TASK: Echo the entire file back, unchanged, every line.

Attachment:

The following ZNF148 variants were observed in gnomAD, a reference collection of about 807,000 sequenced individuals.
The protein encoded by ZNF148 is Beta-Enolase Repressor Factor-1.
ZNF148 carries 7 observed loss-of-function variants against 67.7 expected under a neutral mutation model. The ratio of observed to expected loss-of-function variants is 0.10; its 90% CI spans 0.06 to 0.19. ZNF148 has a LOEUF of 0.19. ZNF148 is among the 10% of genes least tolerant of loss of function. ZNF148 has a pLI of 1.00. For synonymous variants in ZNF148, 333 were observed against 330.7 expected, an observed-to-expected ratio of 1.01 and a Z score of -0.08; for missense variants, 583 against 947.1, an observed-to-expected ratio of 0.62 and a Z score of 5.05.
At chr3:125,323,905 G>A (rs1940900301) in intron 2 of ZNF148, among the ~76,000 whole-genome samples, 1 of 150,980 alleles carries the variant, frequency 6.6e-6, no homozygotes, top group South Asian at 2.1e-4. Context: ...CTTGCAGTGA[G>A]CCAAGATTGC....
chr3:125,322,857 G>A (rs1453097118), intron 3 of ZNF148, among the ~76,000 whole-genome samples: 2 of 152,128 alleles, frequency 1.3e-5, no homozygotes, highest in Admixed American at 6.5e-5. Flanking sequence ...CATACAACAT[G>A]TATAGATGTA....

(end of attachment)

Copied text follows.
The following ZNF148 variants were observed in gnomAD, a reference collection of about 807,000 sequenced individuals.
The protein encoded by ZNF148 is Beta-Enolase Repressor Factor-1.
ZNF148 carries 7 observed loss-of-function variants against 67.7 expected under a neutral mutation model. The ratio of observed to expected loss-of-function variants is 0.10; its 90% CI spans 0.06 to 0.19. ZNF148 has a LOEUF of 0.19. ZNF148 is among the 10% of genes least tolerant of loss of function. ZNF148 has a pLI of 1.00. For synonymous variants in ZNF148, 333 were observed against 330.7 expected, an observed-to-expected ratio of 1.01 and a Z score of -0.08; for missense variants, 583 against 947.1, an observed-to-expected ratio of 0.62 and a Z score of 5.05.
At chr3:125,323,905 G>A (rs1940900301) in intron 2 of ZNF148, among the ~76,000 whole-genome samples, 1 of 150,980 alleles carries the variant, frequency 6.6e-6, no homozygotes, top group South Asian at 2.1e-4. Context: ...CTTGCAGTGA[G>A]CCAAGATTGC....
chr3:125,322,857 G>A (rs1453097118), intron 3 of ZNF148, among the ~76,000 whole-genome samples: 2 of 152,128 alleles, frequency 1.3e-5, no homozygotes, highest in Admixed American at 6.5e-5. Flanking sequence ...CATACAACAT[G>A]TATAGATGTA....